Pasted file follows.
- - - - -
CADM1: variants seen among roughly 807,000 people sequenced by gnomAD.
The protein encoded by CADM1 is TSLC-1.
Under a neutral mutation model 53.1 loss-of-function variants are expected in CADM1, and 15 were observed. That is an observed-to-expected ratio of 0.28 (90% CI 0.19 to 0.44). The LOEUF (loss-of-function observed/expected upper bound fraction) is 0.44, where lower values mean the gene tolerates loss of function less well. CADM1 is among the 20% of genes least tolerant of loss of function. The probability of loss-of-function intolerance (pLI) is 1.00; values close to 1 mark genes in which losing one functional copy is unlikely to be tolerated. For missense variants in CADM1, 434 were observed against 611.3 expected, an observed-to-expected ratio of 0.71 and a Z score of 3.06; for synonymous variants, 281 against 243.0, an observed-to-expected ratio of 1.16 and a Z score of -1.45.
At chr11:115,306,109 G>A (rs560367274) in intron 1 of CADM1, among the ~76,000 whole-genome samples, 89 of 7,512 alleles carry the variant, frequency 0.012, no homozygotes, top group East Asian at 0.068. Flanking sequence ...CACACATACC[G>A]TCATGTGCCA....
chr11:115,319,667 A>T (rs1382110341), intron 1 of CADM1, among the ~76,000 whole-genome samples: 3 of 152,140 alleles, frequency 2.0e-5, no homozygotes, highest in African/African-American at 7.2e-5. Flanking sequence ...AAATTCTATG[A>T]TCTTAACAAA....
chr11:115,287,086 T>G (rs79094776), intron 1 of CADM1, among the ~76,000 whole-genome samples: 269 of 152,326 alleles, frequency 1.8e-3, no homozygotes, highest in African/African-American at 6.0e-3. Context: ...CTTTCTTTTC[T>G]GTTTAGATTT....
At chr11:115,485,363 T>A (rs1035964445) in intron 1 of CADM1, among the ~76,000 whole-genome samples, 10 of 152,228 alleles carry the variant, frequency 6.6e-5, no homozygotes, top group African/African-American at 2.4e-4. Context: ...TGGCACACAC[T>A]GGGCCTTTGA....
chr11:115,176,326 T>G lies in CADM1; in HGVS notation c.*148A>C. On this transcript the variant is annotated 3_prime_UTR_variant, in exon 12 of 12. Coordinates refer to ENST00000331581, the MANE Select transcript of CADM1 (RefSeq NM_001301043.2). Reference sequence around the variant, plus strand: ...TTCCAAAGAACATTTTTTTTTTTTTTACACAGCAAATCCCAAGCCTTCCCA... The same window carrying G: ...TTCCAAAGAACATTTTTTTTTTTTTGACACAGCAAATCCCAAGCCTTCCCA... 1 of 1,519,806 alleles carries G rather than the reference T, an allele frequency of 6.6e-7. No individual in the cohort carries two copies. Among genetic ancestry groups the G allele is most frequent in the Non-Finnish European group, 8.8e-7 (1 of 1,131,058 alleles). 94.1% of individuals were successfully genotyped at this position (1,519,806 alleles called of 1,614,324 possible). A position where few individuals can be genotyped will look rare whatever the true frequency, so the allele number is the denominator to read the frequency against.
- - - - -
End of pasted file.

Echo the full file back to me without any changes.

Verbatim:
CADM1: variants seen among roughly 807,000 people sequenced by gnomAD.
The protein encoded by CADM1 is TSLC-1.
Under a neutral mutation model 53.1 loss-of-function variants are expected in CADM1, and 15 were observed. That is an observed-to-expected ratio of 0.28 (90% CI 0.19 to 0.44). The LOEUF (loss-of-function observed/expected upper bound fraction) is 0.44, where lower values mean the gene tolerates loss of function less well. CADM1 is among the 20% of genes least tolerant of loss of function. The probability of loss-of-function intolerance (pLI) is 1.00; values close to 1 mark genes in which losing one functional copy is unlikely to be tolerated. For missense variants in CADM1, 434 were observed against 611.3 expected, an observed-to-expected ratio of 0.71 and a Z score of 3.06; for synonymous variants, 281 against 243.0, an observed-to-expected ratio of 1.16 and a Z score of -1.45.
At chr11:115,306,109 G>A (rs560367274) in intron 1 of CADM1, among the ~76,000 whole-genome samples, 89 of 7,512 alleles carry the variant, frequency 0.012, no homozygotes, top group East Asian at 0.068. Flanking sequence ...CACACATACC[G>A]TCATGTGCCA....
chr11:115,319,667 A>T (rs1382110341), intron 1 of CADM1, among the ~76,000 whole-genome samples: 3 of 152,140 alleles, frequency 2.0e-5, no homozygotes, highest in African/African-American at 7.2e-5. Flanking sequence ...AAATTCTATG[A>T]TCTTAACAAA....
chr11:115,287,086 T>G (rs79094776), intron 1 of CADM1, among the ~76,000 whole-genome samples: 269 of 152,326 alleles, frequency 1.8e-3, no homozygotes, highest in African/African-American at 6.0e-3. Context: ...CTTTCTTTTC[T>G]GTTTAGATTT....
At chr11:115,485,363 T>A (rs1035964445) in intron 1 of CADM1, among the ~76,000 whole-genome samples, 10 of 152,228 alleles carry the variant, frequency 6.6e-5, no homozygotes, top group African/African-American at 2.4e-4. Context: ...TGGCACACAC[T>A]GGGCCTTTGA....
chr11:115,176,326 T>G lies in CADM1; in HGVS notation c.*148A>C. On this transcript the variant is annotated 3_prime_UTR_variant, in exon 12 of 12. Coordinates refer to ENST00000331581, the MANE Select transcript of CADM1 (RefSeq NM_001301043.2). Reference sequence around the variant, plus strand: ...TTCCAAAGAACATTTTTTTTTTTTTTACACAGCAAATCCCAAGCCTTCCCA... The same window carrying G: ...TTCCAAAGAACATTTTTTTTTTTTTGACACAGCAAATCCCAAGCCTTCCCA... 1 of 1,519,806 alleles carries G rather than the reference T, an allele frequency of 6.6e-7. No individual in the cohort carries two copies. Among genetic ancestry groups the G allele is most frequent in the Non-Finnish European group, 8.8e-7 (1 of 1,131,058 alleles). 94.1% of individuals were successfully genotyped at this position (1,519,806 alleles called of 1,614,324 possible). A position where few individuals can be genotyped will look rare whatever the true frequency, so the allele number is the denominator to read the frequency against.